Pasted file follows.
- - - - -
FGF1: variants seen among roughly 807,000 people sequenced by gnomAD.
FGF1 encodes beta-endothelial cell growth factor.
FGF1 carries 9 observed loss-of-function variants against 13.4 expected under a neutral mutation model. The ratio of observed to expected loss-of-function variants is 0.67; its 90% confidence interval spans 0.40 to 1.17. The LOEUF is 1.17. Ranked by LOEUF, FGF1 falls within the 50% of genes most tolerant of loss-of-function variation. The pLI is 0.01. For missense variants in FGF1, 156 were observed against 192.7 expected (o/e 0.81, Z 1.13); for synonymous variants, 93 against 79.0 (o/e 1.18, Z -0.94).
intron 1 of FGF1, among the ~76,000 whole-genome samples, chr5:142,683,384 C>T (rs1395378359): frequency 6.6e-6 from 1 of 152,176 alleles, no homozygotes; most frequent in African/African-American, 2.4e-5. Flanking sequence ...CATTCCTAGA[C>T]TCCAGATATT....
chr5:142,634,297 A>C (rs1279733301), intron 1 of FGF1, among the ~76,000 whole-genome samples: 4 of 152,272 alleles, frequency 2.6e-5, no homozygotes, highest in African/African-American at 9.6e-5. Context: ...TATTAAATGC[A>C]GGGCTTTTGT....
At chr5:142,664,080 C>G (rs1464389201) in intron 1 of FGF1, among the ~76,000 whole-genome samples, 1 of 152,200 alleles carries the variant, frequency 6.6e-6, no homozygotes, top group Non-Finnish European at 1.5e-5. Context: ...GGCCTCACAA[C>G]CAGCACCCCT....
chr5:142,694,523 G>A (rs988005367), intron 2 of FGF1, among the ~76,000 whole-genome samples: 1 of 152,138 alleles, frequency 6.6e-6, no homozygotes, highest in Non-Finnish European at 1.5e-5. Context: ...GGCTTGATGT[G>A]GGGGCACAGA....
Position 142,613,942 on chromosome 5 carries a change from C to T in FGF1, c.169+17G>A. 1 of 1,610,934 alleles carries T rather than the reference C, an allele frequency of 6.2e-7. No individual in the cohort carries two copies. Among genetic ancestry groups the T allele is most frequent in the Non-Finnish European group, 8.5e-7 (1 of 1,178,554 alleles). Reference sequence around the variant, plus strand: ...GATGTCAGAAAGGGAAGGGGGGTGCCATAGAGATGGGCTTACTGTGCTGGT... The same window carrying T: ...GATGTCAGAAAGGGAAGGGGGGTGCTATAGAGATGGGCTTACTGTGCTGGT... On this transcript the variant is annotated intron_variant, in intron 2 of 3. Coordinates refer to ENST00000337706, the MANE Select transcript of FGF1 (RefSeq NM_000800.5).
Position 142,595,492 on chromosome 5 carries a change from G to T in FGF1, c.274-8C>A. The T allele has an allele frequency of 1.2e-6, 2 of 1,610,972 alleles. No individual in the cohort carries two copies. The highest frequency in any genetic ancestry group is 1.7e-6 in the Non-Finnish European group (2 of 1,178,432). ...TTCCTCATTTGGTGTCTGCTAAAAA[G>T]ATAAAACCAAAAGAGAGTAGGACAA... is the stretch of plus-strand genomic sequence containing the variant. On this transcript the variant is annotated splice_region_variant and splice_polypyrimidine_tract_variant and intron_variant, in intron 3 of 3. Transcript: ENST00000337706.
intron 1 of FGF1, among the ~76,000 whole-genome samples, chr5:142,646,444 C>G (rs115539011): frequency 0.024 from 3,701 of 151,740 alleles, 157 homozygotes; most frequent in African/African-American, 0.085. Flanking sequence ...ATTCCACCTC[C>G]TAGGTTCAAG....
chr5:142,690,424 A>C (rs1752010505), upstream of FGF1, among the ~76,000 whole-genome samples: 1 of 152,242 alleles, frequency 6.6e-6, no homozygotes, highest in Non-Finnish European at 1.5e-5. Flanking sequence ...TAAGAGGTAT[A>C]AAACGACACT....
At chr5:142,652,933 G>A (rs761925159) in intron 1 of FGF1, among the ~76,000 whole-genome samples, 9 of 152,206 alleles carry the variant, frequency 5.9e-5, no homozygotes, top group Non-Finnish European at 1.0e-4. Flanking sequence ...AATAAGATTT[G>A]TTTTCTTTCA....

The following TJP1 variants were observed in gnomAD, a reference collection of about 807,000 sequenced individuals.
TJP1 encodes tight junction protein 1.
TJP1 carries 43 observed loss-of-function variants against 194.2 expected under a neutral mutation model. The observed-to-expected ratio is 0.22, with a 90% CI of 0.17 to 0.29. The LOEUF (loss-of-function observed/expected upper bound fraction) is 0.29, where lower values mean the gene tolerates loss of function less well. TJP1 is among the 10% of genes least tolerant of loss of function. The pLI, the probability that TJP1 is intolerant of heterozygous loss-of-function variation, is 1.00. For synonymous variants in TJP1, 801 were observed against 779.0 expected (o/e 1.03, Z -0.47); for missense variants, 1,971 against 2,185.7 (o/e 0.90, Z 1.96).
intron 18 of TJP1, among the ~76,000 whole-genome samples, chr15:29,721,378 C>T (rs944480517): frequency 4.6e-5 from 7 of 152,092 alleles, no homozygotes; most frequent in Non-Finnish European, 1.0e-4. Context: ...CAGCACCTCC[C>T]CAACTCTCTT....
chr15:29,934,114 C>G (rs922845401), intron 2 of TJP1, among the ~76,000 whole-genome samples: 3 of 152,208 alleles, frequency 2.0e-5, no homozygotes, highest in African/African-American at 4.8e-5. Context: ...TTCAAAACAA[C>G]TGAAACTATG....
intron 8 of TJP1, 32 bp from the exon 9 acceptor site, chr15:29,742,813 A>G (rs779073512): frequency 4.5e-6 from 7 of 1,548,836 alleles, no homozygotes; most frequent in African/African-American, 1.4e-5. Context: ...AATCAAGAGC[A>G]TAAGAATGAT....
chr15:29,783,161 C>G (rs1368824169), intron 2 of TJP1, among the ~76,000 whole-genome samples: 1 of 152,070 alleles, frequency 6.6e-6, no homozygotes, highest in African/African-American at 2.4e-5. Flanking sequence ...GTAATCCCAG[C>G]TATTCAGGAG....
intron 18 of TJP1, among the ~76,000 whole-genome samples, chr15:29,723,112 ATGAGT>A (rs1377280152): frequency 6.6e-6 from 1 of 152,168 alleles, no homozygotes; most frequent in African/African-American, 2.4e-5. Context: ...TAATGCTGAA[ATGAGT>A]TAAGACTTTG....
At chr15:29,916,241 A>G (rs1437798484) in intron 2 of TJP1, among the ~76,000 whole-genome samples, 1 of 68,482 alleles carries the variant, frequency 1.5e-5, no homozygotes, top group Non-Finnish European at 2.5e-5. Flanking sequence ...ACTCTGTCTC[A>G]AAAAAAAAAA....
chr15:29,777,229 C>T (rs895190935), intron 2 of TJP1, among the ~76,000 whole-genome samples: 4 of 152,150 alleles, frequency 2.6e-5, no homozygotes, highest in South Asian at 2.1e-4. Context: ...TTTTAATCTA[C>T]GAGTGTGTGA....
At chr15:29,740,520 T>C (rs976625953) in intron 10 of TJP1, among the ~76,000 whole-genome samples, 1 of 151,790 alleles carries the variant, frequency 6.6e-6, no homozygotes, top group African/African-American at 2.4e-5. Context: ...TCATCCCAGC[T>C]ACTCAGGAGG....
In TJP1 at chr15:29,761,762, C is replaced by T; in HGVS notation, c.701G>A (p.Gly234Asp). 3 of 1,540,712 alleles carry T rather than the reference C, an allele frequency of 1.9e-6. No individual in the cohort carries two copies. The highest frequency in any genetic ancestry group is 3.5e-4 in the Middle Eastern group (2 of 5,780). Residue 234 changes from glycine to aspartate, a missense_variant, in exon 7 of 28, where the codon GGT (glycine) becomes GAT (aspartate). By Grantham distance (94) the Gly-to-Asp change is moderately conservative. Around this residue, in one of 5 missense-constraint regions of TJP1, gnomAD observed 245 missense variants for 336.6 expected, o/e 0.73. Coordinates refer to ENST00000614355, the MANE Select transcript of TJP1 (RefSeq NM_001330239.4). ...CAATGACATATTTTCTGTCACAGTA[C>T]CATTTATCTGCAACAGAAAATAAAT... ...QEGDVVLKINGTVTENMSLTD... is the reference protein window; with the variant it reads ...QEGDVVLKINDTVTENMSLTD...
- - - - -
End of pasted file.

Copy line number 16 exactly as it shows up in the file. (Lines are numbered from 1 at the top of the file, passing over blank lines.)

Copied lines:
intron 18 of TJP1, among the ~76,000 whole-genome samples, chr15:29,721,378 C>T (rs944480517): frequency 4.6e-5 from 7 of 152,092 alleles, no homozygotes; most frequent in Non-Finnish European, 1.0e-4. Context: ...CAGCACCTCC[C>T]CAACTCTCTT....